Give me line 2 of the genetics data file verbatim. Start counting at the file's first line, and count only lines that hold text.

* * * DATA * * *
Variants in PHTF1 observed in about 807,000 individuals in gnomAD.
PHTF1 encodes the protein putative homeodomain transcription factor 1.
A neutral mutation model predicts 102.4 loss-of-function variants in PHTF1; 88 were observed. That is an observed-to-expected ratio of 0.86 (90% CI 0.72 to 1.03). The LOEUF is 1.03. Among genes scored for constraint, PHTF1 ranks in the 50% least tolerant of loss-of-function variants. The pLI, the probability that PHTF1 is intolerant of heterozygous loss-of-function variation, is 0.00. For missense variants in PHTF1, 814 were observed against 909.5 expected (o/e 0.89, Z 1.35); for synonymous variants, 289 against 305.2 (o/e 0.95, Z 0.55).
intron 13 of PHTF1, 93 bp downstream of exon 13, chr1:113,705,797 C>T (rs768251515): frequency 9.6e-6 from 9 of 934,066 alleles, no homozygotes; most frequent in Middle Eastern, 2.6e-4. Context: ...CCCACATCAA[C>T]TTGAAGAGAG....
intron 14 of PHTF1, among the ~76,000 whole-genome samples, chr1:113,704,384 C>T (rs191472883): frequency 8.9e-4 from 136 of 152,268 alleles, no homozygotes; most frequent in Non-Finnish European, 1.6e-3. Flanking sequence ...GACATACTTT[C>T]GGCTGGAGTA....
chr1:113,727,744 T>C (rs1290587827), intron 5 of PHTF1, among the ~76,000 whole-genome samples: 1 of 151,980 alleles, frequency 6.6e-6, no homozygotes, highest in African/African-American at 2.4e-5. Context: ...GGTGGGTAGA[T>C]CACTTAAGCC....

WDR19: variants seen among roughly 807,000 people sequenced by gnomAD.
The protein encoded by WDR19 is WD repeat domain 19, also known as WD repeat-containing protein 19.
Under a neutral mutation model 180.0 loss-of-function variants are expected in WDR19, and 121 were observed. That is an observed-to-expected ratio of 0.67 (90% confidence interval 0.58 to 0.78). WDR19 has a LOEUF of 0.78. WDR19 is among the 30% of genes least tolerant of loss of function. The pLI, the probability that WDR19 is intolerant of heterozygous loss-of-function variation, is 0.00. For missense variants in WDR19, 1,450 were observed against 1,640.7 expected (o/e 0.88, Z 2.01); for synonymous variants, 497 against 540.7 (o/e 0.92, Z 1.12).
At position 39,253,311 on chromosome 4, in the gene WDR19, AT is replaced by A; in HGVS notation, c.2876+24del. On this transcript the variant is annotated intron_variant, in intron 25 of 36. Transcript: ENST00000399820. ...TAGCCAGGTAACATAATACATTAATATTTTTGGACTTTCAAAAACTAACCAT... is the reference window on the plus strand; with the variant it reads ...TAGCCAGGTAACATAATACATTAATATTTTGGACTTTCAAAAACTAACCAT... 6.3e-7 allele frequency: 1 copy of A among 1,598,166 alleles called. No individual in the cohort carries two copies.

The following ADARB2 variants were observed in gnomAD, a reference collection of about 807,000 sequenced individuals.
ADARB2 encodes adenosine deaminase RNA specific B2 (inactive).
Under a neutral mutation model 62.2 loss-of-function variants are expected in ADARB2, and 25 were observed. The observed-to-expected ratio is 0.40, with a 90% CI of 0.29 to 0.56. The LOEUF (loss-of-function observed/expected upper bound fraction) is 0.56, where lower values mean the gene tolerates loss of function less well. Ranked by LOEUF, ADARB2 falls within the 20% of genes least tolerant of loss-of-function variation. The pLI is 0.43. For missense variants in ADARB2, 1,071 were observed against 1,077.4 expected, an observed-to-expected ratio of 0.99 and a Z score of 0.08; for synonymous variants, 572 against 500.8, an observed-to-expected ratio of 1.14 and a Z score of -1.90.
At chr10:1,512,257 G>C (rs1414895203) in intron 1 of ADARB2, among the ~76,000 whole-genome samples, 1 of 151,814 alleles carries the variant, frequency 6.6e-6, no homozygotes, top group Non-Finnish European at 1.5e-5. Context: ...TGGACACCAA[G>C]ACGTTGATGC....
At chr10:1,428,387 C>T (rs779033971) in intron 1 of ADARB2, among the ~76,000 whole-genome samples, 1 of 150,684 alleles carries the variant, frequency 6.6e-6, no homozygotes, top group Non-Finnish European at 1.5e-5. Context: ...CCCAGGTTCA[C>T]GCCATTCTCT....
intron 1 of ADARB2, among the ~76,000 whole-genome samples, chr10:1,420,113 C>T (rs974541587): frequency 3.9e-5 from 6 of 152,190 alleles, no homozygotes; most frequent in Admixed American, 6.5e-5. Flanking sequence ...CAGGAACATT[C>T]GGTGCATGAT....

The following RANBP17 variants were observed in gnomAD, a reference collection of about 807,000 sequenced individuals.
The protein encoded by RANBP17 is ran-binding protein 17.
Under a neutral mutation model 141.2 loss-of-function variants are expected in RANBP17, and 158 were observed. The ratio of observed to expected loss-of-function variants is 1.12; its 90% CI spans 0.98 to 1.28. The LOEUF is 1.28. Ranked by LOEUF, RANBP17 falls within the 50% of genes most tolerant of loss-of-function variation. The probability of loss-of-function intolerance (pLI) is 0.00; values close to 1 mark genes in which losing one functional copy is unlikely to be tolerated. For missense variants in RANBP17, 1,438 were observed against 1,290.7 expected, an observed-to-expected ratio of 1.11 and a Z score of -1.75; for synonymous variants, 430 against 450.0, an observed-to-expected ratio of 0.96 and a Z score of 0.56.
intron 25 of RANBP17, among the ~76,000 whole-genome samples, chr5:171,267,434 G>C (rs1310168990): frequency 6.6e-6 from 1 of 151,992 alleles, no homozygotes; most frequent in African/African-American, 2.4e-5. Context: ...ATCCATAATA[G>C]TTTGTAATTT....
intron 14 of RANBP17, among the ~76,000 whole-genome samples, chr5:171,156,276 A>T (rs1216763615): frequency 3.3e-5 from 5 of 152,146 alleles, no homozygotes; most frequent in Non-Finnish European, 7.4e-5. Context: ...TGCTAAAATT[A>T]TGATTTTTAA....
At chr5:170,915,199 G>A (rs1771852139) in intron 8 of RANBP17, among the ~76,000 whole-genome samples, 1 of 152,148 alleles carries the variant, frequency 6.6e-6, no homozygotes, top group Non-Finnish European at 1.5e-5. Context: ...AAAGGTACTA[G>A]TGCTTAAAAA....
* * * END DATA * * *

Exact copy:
PHTF1 encodes the protein putative homeodomain transcription factor 1.